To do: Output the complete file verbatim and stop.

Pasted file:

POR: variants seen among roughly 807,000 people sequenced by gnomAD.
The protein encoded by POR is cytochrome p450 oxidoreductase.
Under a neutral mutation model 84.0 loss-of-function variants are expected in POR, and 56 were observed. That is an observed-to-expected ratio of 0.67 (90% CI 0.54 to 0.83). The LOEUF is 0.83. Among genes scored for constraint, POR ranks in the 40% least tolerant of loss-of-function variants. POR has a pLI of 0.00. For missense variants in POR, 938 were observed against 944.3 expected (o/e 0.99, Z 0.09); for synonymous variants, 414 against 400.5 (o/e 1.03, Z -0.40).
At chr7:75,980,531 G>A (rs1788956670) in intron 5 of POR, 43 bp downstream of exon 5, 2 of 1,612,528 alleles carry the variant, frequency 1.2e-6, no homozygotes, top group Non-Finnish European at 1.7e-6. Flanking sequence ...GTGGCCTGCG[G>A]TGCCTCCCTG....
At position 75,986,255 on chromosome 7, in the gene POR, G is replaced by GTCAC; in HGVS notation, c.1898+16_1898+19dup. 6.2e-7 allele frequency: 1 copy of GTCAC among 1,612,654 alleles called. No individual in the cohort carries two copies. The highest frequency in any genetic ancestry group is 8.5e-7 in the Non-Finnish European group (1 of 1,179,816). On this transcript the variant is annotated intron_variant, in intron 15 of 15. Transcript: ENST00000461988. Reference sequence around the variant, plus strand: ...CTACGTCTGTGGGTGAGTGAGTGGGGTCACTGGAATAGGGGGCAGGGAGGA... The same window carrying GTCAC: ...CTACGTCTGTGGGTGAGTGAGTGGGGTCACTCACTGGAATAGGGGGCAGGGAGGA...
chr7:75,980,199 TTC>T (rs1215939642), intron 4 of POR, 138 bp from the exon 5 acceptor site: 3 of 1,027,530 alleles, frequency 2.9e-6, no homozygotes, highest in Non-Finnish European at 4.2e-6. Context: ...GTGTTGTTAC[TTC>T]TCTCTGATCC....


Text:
POR: variants seen among roughly 807,000 people sequenced by gnomAD.
The protein encoded by POR is cytochrome p450 oxidoreductase.
Under a neutral mutation model 84.0 loss-of-function variants are expected in POR, and 56 were observed. That is an observed-to-expected ratio of 0.67 (90% CI 0.54 to 0.83). The LOEUF is 0.83. Among genes scored for constraint, POR ranks in the 40% least tolerant of loss-of-function variants. POR has a pLI of 0.00. For missense variants in POR, 938 were observed against 944.3 expected (o/e 0.99, Z 0.09); for synonymous variants, 414 against 400.5 (o/e 1.03, Z -0.40).
At chr7:75,980,531 G>A (rs1788956670) in intron 5 of POR, 43 bp downstream of exon 5, 2 of 1,612,528 alleles carry the variant, frequency 1.2e-6, no homozygotes, top group Non-Finnish European at 1.7e-6. Flanking sequence ...GTGGCCTGCG[G>A]TGCCTCCCTG....
At position 75,986,255 on chromosome 7, in the gene POR, G is replaced by GTCAC; in HGVS notation, c.1898+16_1898+19dup. 6.2e-7 allele frequency: 1 copy of GTCAC among 1,612,654 alleles called. No individual in the cohort carries two copies. The highest frequency in any genetic ancestry group is 8.5e-7 in the Non-Finnish European group (1 of 1,179,816). On this transcript the variant is annotated intron_variant, in intron 15 of 15. Transcript: ENST00000461988. Reference sequence around the variant, plus strand: ...CTACGTCTGTGGGTGAGTGAGTGGGGTCACTGGAATAGGGGGCAGGGAGGA... The same window carrying GTCAC: ...CTACGTCTGTGGGTGAGTGAGTGGGGTCACTCACTGGAATAGGGGGCAGGGAGGA...
chr7:75,980,199 TTC>T (rs1215939642), intron 4 of POR, 138 bp from the exon 5 acceptor site: 3 of 1,027,530 alleles, frequency 2.9e-6, no homozygotes, highest in Non-Finnish European at 4.2e-6. Context: ...GTGTTGTTAC[TTC>T]TCTCTGATCC....